UPDATE 2011-14-07: I try to login via SSH through Putty on another machine running windows together with my current SSH session in Ubuntu and now it seems my SSH session in Ubuntu has been dropped. I can't type into the terminal. Is Putty the culprit now?

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Try running ssh to the host that fails for you, but add '-vvv' as an argument to the ssh commandline. Paste the results. That'll give us a hint. –  Slartibartfast Jul 12 '11 at 5:34
    
@Slartibartfast updated :) –  Jeune Jul 12 '11 at 6:22
    
If you're putting a log inline, it's a good idea to use the code-block formatting on it. Just put four spaces at the beginning of each line (you can then add additional “tabs” of four spaces to actually indent code). You can also copypaste it in, then highlight it all and click the button with the pair of curly braces in the second section of the editor. –  Blacklight Shining Oct 22 '13 at 12:29
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3 Answers

This looks like something odd going on in the wireless router. The fact that two SSH sessions from different machines seem to interfere is very probably relevant.

Among the things that a wifi router is known to do, and that may impact a SSH connection, are MTU/windowing (which ought to get you a hung connection) and TCP keepalive dropping (which just might lead to a "broken pipe" error).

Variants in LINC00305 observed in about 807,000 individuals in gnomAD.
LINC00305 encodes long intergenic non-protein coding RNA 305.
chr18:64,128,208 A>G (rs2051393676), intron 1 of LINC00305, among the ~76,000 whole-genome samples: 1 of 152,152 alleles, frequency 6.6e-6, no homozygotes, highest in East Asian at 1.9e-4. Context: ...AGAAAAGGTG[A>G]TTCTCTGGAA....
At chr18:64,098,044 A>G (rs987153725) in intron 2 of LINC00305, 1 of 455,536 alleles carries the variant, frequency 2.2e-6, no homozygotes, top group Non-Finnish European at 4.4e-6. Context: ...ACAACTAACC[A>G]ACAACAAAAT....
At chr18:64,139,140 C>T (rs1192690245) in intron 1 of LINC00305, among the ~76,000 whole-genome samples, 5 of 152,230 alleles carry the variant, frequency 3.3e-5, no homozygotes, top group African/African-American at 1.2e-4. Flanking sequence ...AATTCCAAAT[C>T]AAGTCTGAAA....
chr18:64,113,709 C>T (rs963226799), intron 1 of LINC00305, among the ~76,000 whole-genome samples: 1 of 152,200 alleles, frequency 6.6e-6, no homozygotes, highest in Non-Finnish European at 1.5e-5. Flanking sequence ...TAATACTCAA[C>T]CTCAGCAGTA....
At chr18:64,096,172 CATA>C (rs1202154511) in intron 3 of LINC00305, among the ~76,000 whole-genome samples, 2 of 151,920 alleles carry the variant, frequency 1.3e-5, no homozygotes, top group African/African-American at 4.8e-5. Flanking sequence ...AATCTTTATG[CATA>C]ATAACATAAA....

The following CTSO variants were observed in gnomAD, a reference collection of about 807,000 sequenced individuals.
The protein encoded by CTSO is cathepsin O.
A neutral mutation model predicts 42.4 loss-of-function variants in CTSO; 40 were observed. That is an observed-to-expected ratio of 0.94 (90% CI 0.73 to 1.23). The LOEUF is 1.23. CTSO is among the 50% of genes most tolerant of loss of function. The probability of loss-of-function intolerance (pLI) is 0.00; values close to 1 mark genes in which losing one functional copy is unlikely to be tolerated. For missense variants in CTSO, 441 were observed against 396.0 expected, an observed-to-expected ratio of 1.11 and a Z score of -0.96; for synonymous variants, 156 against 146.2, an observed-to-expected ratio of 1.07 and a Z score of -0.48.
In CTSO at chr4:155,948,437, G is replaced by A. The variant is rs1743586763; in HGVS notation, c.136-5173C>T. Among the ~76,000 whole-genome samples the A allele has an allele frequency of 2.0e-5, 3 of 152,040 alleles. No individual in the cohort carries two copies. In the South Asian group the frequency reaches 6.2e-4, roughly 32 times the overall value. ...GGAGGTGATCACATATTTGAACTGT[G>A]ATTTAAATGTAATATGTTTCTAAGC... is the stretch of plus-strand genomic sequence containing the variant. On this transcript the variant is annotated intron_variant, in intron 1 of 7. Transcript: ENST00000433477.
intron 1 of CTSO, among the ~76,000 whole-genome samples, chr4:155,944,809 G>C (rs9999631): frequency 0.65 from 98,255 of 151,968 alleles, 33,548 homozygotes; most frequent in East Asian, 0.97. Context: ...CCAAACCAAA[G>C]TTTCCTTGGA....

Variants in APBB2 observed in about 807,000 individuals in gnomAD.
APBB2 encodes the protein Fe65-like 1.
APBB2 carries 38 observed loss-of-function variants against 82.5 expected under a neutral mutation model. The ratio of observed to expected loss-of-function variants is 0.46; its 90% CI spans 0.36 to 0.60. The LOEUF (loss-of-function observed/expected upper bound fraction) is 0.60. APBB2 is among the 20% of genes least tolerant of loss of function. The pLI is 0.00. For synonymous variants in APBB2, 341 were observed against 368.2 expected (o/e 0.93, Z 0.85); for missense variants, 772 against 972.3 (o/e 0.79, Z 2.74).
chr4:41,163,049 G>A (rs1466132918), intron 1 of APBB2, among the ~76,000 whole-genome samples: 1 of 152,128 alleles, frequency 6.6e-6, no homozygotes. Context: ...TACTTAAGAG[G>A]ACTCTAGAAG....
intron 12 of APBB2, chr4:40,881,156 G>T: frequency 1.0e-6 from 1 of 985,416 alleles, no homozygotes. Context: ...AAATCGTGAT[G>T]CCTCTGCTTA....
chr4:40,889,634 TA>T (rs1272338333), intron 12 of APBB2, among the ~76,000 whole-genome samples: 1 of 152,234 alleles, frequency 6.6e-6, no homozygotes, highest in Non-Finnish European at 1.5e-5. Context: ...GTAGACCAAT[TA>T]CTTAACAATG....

So I'd try disabling TCP keepalive option from SSH:

ssh -C -o TCPKeepAlive=no yourserver

and see whether this changes anything. I'd also try, if at all possible, connecting the computer to the router using a cable, or temporarily using a different router.

Note a similar problem here where use Ipwaqas states,

This is very old problem for me; Every time I reinstall my system I have to add the line below to my /etc/ssh/ssh_config to avoid “Write failed: Broken pipe” issue.

ServerAliveInterval 120
OR
ClientAliveInterval 15

There are some funny options in WiFi routers dealing with client programs, but they're normally games and suchlike; I wouldn't expect there being anything involving SSH. But just in case, check that out, too.

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Based on the additional information, I suggest the following diagnostic steps:

When I try this (successfully), one of the next entries is a PTY allocation. I suggest trying the same ssh command with -t and -T, to see if that affects whether it works or not.

Other things to look at include: * Seeing whether the problem follows the client or the server. * See if you can run remote commands (e.g. ssh some.host echo "connected") * See if you can use scp.

These should help narrow down the problem, even if they don't solve it.

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Hi there, I have updated my question above to reflect new developments. –  Jeune Jul 14 '11 at 5:13
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Have you looked into this..

https://bbs.archlinux.org/viewtopic.php?id=97003

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ok will take a look. –  Jeune Jul 12 '11 at 5:21
3  
It is usually a good idea to explain the content of the given link. Or to extract the relevant information in the answer itself. –  bbaja42 Jul 12 '11 at 6:35